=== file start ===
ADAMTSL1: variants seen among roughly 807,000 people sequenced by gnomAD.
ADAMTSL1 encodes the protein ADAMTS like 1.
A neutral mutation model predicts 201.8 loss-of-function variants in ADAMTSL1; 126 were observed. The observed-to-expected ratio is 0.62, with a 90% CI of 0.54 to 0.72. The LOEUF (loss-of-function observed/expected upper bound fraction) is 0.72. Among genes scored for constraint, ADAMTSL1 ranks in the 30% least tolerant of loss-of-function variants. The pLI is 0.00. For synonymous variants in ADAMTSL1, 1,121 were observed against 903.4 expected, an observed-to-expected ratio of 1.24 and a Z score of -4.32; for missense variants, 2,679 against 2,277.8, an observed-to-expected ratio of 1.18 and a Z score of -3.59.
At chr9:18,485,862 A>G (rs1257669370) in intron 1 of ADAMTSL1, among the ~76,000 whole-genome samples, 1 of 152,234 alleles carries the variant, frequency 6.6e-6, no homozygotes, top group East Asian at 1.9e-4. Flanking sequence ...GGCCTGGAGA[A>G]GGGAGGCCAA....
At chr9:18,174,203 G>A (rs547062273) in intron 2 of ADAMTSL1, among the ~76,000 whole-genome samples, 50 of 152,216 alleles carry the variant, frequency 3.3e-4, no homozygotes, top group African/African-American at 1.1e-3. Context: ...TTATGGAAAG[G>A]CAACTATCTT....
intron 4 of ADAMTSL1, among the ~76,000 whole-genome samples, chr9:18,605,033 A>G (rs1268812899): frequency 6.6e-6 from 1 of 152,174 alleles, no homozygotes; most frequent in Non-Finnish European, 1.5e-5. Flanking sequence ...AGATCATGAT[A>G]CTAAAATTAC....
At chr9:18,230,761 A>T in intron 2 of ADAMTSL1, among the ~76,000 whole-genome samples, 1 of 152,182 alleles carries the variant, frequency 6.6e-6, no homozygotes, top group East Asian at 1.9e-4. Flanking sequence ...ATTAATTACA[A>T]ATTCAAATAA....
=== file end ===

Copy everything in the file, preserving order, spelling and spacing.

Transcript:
ADAMTSL1: variants seen among roughly 807,000 people sequenced by gnomAD.
ADAMTSL1 encodes the protein ADAMTS like 1.
A neutral mutation model predicts 201.8 loss-of-function variants in ADAMTSL1; 126 were observed. The observed-to-expected ratio is 0.62, with a 90% CI of 0.54 to 0.72. The LOEUF (loss-of-function observed/expected upper bound fraction) is 0.72. Among genes scored for constraint, ADAMTSL1 ranks in the 30% least tolerant of loss-of-function variants. The pLI is 0.00. For synonymous variants in ADAMTSL1, 1,121 were observed against 903.4 expected, an observed-to-expected ratio of 1.24 and a Z score of -4.32; for missense variants, 2,679 against 2,277.8, an observed-to-expected ratio of 1.18 and a Z score of -3.59.
At chr9:18,485,862 A>G (rs1257669370) in intron 1 of ADAMTSL1, among the ~76,000 whole-genome samples, 1 of 152,234 alleles carries the variant, frequency 6.6e-6, no homozygotes, top group East Asian at 1.9e-4. Flanking sequence ...GGCCTGGAGA[A>G]GGGAGGCCAA....
At chr9:18,174,203 G>A (rs547062273) in intron 2 of ADAMTSL1, among the ~76,000 whole-genome samples, 50 of 152,216 alleles carry the variant, frequency 3.3e-4, no homozygotes, top group African/African-American at 1.1e-3. Context: ...TTATGGAAAG[G>A]CAACTATCTT....
intron 4 of ADAMTSL1, among the ~76,000 whole-genome samples, chr9:18,605,033 A>G (rs1268812899): frequency 6.6e-6 from 1 of 152,174 alleles, no homozygotes; most frequent in Non-Finnish European, 1.5e-5. Flanking sequence ...AGATCATGAT[A>G]CTAAAATTAC....
At chr9:18,230,761 A>T in intron 2 of ADAMTSL1, among the ~76,000 whole-genome samples, 1 of 152,182 alleles carries the variant, frequency 6.6e-6, no homozygotes, top group East Asian at 1.9e-4. Flanking sequence ...ATTAATTACA[A>T]ATTCAAATAA....